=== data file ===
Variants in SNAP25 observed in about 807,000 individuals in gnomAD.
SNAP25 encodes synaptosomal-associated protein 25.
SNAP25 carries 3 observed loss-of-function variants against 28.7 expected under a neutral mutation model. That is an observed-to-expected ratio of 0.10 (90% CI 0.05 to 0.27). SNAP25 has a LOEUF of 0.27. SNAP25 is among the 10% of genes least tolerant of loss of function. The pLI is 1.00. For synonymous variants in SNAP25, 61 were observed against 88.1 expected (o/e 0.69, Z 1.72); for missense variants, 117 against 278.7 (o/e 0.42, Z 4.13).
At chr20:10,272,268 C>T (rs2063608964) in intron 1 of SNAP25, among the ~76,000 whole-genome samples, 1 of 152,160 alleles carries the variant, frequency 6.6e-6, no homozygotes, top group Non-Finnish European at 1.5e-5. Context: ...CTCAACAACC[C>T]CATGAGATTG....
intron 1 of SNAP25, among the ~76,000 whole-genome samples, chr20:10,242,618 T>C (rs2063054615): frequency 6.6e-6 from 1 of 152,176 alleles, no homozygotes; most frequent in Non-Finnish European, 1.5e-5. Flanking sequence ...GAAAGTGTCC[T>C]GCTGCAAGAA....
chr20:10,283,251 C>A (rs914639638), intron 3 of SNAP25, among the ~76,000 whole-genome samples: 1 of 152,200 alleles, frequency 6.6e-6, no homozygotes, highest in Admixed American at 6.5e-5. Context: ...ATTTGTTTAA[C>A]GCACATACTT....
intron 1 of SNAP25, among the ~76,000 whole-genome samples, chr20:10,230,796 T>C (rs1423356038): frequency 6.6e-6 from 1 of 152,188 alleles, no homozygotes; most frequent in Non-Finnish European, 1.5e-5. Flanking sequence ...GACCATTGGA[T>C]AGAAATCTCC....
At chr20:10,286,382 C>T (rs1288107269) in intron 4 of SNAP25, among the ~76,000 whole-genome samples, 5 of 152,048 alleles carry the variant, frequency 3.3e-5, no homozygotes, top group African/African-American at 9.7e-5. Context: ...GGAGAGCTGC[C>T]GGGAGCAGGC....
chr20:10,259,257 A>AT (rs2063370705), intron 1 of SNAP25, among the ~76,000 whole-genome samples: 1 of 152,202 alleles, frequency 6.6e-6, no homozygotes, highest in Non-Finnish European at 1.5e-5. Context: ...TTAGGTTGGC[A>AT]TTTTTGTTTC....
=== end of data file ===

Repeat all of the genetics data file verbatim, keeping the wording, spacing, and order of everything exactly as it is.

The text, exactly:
Variants in SNAP25 observed in about 807,000 individuals in gnomAD.
SNAP25 encodes synaptosomal-associated protein 25.
SNAP25 carries 3 observed loss-of-function variants against 28.7 expected under a neutral mutation model. That is an observed-to-expected ratio of 0.10 (90% CI 0.05 to 0.27). SNAP25 has a LOEUF of 0.27. SNAP25 is among the 10% of genes least tolerant of loss of function. The pLI is 1.00. For synonymous variants in SNAP25, 61 were observed against 88.1 expected (o/e 0.69, Z 1.72); for missense variants, 117 against 278.7 (o/e 0.42, Z 4.13).
At chr20:10,272,268 C>T (rs2063608964) in intron 1 of SNAP25, among the ~76,000 whole-genome samples, 1 of 152,160 alleles carries the variant, frequency 6.6e-6, no homozygotes, top group Non-Finnish European at 1.5e-5. Context: ...CTCAACAACC[C>T]CATGAGATTG....
intron 1 of SNAP25, among the ~76,000 whole-genome samples, chr20:10,242,618 T>C (rs2063054615): frequency 6.6e-6 from 1 of 152,176 alleles, no homozygotes; most frequent in Non-Finnish European, 1.5e-5. Flanking sequence ...GAAAGTGTCC[T>C]GCTGCAAGAA....
chr20:10,283,251 C>A (rs914639638), intron 3 of SNAP25, among the ~76,000 whole-genome samples: 1 of 152,200 alleles, frequency 6.6e-6, no homozygotes, highest in Admixed American at 6.5e-5. Context: ...ATTTGTTTAA[C>A]GCACATACTT....
intron 1 of SNAP25, among the ~76,000 whole-genome samples, chr20:10,230,796 T>C (rs1423356038): frequency 6.6e-6 from 1 of 152,188 alleles, no homozygotes; most frequent in Non-Finnish European, 1.5e-5. Flanking sequence ...GACCATTGGA[T>C]AGAAATCTCC....
At chr20:10,286,382 C>T (rs1288107269) in intron 4 of SNAP25, among the ~76,000 whole-genome samples, 5 of 152,048 alleles carry the variant, frequency 3.3e-5, no homozygotes, top group African/African-American at 9.7e-5. Context: ...GGAGAGCTGC[C>T]GGGAGCAGGC....
chr20:10,259,257 A>AT (rs2063370705), intron 1 of SNAP25, among the ~76,000 whole-genome samples: 1 of 152,202 alleles, frequency 6.6e-6, no homozygotes, highest in Non-Finnish European at 1.5e-5. Context: ...TTAGGTTGGC[A>AT]TTTTTGTTTC....